Terrific Mondo Poster For Quentin Tarantino's THE HATEFUL EIGHT
We've written about Jason Edmiston's artwork on the site a bunch of times before, but here's one of his best pieces of work thus far: a glorious piece celebrating writer/director Quentin Tarantino's fantastic 2015 western The Hateful Eight.
The best thing about this Mondo poster is that anyone can get one. While most Mondo pieces sell out almost instantly after they go on sale, this one will be on sale from now until Sunday, April 24, 2016, at 12pm CST. Anyone who wants one can simply click here and order one for $55, a steal for such an awesome piece of work. Plus, the artist is going to randomly include this original pencilled version into one lucky winner's tube just for kicks, so you could end up with two badass pieces when all is said and done.
"Quentin Tarantino is my favorite contemporary director, and Mondo thrilled me with the offer to attack an official poster for his latest movie, THE HATEFUL EIGHT. Enthralled by the film, I accepted the challenge. The eight titular characters are as equally important to the plot of the movie as the super wide, glorious 70 millimeter Panavision presentation. I wanted to feature both the diverse personalities and the beautiful, expansive landscape during a raging snow storm that reflects the energy inside the Haberdashery.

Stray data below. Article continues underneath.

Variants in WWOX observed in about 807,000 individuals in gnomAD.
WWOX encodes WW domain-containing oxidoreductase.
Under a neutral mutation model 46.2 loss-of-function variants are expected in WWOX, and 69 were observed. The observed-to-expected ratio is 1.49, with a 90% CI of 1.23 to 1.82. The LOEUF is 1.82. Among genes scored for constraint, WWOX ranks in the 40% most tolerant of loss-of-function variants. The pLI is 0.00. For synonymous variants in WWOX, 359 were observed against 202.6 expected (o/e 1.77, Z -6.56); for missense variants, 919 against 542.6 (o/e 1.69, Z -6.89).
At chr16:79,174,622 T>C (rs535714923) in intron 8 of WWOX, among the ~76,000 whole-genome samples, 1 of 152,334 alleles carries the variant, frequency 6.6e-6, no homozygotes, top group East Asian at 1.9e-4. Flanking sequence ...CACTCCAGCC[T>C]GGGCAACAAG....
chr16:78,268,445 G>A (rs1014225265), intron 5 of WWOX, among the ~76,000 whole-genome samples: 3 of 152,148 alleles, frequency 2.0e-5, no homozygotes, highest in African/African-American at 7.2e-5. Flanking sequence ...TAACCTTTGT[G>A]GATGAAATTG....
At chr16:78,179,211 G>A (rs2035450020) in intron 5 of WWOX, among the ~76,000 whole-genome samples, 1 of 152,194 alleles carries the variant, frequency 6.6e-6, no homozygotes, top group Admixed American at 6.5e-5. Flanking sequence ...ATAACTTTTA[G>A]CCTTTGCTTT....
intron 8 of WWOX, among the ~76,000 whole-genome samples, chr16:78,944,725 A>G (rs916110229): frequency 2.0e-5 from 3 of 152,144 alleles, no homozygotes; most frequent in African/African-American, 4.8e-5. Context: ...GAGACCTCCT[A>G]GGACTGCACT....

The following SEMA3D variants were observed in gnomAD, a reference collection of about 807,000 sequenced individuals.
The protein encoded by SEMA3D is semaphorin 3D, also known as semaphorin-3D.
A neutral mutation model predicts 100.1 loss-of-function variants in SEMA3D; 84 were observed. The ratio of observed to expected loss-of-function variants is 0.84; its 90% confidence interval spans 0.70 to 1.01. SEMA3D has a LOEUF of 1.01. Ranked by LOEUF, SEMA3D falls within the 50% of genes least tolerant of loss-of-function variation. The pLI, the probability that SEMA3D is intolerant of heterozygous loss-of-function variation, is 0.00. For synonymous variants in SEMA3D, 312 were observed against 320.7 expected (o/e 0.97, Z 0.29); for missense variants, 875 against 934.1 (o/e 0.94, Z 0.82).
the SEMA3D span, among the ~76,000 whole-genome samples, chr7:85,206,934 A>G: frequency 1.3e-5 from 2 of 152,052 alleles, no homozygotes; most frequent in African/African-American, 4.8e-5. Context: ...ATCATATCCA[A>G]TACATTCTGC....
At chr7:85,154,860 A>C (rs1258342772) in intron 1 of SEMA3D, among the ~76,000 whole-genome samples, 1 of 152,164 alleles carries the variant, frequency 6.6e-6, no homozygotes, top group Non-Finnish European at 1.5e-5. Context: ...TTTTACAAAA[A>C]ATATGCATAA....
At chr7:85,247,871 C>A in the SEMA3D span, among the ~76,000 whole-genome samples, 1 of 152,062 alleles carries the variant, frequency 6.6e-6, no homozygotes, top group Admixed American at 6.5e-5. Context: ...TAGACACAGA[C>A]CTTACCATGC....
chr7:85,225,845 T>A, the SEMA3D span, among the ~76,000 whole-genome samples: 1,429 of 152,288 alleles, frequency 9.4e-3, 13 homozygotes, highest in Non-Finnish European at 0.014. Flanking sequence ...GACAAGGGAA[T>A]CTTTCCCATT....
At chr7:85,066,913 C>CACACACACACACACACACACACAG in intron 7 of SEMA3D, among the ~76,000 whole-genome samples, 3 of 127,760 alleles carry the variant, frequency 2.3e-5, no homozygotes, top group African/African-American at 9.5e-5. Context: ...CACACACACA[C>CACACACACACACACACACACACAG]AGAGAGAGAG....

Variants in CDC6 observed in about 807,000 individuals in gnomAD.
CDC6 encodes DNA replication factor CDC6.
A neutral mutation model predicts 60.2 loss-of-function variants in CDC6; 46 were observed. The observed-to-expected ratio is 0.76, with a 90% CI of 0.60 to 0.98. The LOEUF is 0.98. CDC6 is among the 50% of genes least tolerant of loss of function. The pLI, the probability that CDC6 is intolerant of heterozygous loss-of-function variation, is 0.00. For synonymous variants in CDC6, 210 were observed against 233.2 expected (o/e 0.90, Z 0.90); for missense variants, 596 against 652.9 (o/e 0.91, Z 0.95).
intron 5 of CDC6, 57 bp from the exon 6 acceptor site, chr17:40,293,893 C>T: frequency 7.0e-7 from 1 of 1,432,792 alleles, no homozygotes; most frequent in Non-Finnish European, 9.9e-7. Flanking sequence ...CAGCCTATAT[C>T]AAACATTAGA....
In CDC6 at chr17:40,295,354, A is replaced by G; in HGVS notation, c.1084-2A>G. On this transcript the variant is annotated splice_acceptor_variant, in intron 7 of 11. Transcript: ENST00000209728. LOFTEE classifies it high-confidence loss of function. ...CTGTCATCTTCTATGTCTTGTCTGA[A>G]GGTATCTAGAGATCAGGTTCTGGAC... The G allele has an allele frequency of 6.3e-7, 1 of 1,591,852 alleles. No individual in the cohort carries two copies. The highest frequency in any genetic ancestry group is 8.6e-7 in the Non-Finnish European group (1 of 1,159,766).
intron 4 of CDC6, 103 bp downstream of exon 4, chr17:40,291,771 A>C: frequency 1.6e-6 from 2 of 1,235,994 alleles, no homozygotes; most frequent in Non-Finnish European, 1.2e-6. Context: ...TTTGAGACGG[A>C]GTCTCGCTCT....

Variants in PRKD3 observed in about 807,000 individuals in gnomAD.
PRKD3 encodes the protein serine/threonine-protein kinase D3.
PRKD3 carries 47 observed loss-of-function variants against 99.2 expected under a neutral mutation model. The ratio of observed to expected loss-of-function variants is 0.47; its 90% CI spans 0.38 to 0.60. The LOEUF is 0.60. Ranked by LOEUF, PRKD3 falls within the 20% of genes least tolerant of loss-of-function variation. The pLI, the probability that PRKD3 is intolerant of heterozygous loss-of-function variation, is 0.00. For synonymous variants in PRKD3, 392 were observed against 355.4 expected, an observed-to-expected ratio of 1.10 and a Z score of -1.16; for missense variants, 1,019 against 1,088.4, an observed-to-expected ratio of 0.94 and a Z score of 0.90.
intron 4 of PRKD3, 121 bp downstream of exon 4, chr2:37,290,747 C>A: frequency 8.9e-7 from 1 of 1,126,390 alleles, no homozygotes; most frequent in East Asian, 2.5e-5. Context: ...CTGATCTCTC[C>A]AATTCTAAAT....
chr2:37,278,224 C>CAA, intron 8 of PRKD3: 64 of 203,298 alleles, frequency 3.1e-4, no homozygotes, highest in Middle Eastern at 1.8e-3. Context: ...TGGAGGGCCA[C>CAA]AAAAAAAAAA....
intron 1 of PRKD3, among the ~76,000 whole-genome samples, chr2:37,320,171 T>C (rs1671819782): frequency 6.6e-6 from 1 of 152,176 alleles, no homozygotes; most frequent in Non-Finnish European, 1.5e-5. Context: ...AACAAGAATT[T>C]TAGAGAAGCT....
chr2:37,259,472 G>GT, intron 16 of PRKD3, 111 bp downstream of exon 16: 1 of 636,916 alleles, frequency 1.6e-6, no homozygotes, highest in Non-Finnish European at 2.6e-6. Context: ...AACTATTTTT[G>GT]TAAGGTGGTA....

Stylistically, Italian western posters of the 60s and 70s influenced my approach since this production shares many of those films' typical characters and plot cues. I also wanted to maintain as much of my painted style as possible within the limitations of screen printing. I maximized the three-dimensional quality by purposefully layering my background, middle-ground and foreground elements to tell a story. Starting with a full value, black and white traditional painting, I then finalized it digitally. Comprised of 10 layers, created one at a time, the completed work combines a mix of opaque and transparent inks to emulate a full color watercolor painting. The entire process from concept to final poster took nearly 6 weeks. It was a labor of love and perhaps my proudest accomplishment to date."
- Jason Edmiston